Dear TV Club,
Hi! I also watched Jack Ryan and found it extremely frustrating. I get the impulse to a) turn this very valuable piece of IP into a TV show with a likable star but b) try to balance it by depicting the motivations driving a terrorist mastermind, but it turns out making a cop show woke—woke is almost impossible. (I use “cop” in the broadest possible sense of the word; I realize the titular Ryan is not literally a police officer, don’t @ me.) In that cop shows reinforce concepts of societal order, they can only range between conservative and fascist. Law & Order: Special Victims Unit is out here trying to turn every headline into content, but if its ultimate purpose is to convince assault survivors that police personnel are noble and upstanding and working on their behalf …you know, I don’t really feel good about consuming that kind of pablum in 2018 anymore, and therefore broke up with it last season.
If you noted that I said it’s “almost impossible” to make a woke cop show, then my top 10 list may be of interest.
1. The Americans
3. Killing Eve
5. Brooklyn Nine-Nine
6. The Good Fight
7. One Day at a Time
9. Jane the Virgin
10. BoJack Horseman
Hot damn, Nine-Nine! What an evolution this show has had. In recent years, the show has covered systemic racism and sexism in the department as well as the horrors of the carceral state; the premiere of the most recent season included a joke about the challenges trans inmates face that was funny without punching down. And yet its episodes don’t feel didactic, and its sharp insights don’t come at the expense of its humor (something I increasingly find wearying in its generally fine cousin, The Good Place).
Apparently these weren’t qualities that Fox felt it could continue to monetize, because it canceled Brooklyn Nine-Nine at the end of its most recent season. The show wasn’t alone: Fox canceled all its non-animated sitcoms, making room for a revival of ABC’s Last Man Standing, among other things. NBC wisely picked up Nine-Nine for a 2019 debut, but The Mick, Last Man on Earth, and the rapidly improving freshman series L.A. to Vegas are all totally dead.
That brings me to my question for my increasingly exhausted fellow panelists, which is: Are we perhaps on the other side of Peak TV? When FX’s John Landgraf coined the term a few years back, it struck me as apt in its evocation of the theory of peak oil. At a certain point, the market for original scripted TV shows would max out, then start to decline. I don’t want to be an optimist in my pessimism, but I think we might have hit it. Most of the sitcoms Fox killed stayed dead. After trying a couple of scripted series, Lifetime pooped out the two final seasons of UnReal this year, kicking the final one to Hulu; we’ve just learned that while You will be back after airing its first season on the network this fall, Season 2 will be on Netflix, just like the former Fox drama Lucifer. Maybe the reason Netflix had room for those is that it’s cut bait on Marvel series—Marvel series!!—Iron Fist, Luke Cage, and Daredevil, probably dooming Jessica Jones and The Defenders.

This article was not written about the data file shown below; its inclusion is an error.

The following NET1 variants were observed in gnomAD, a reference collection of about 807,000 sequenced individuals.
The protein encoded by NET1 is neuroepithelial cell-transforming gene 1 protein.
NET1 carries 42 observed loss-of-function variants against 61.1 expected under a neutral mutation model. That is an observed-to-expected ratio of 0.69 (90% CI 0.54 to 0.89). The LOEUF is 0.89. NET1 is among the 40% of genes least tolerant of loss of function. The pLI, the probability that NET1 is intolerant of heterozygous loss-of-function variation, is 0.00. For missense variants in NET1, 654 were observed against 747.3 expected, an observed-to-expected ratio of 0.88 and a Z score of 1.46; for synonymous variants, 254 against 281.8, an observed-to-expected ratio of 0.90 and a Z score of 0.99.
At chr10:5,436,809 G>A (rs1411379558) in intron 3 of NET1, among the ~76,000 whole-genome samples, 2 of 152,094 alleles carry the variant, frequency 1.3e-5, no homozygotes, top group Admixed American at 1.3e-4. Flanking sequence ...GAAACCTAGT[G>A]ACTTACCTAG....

Netflix also gave up on topical comedy shows hosted by Joel McHale and Michelle Wolf. TV Land moved Younger to its sister network Paramount (which, in turn, decided to eat whatever it spent on its misbegotten series adaptation of Heathers rather than air it weekly) and killed Teachers, thus getting out of the scripted originals business. Ten or even five years ago, Here and Now—Willa, I also forgot that aired in 2018!— would have made it to a second season on the basis of its two Oscar-winning headliners and its berth on HBO. (There’s honestly no other reason I tried to watch more than one season of Boardwalk Empire when no one was paying me to.) But even HBO is being cautious about giving too much runway to a show with such an award-laden creative team, which also includes Alan “Six Feet Under and American Beauty” Ball? This might be a meaningful trend!
I might have to forfeit my critical bona fides because—to your question, Sonia—HBO’s marquee shows didn’t really do it for me this year. Barry, Sharp Objects, High Maintenance, and The Tale were spectacular, but Westworld—on which I bailed after its pilot in 2016 (before the last presidential election, so roughly 15 lifetimes ago)—got me back with a Season 2 premiere that made me think it was going to explore the idea of disposable labor under contemporary capitalism. Then it didn’t and I quit again. Succession turned me off with its premiere, though since everyone went so wild for it as the season wore on, I probably will give it another shot). Since Willa’s up next and it was her No. 1 this year, I will let her convince me to schedule that second attempt.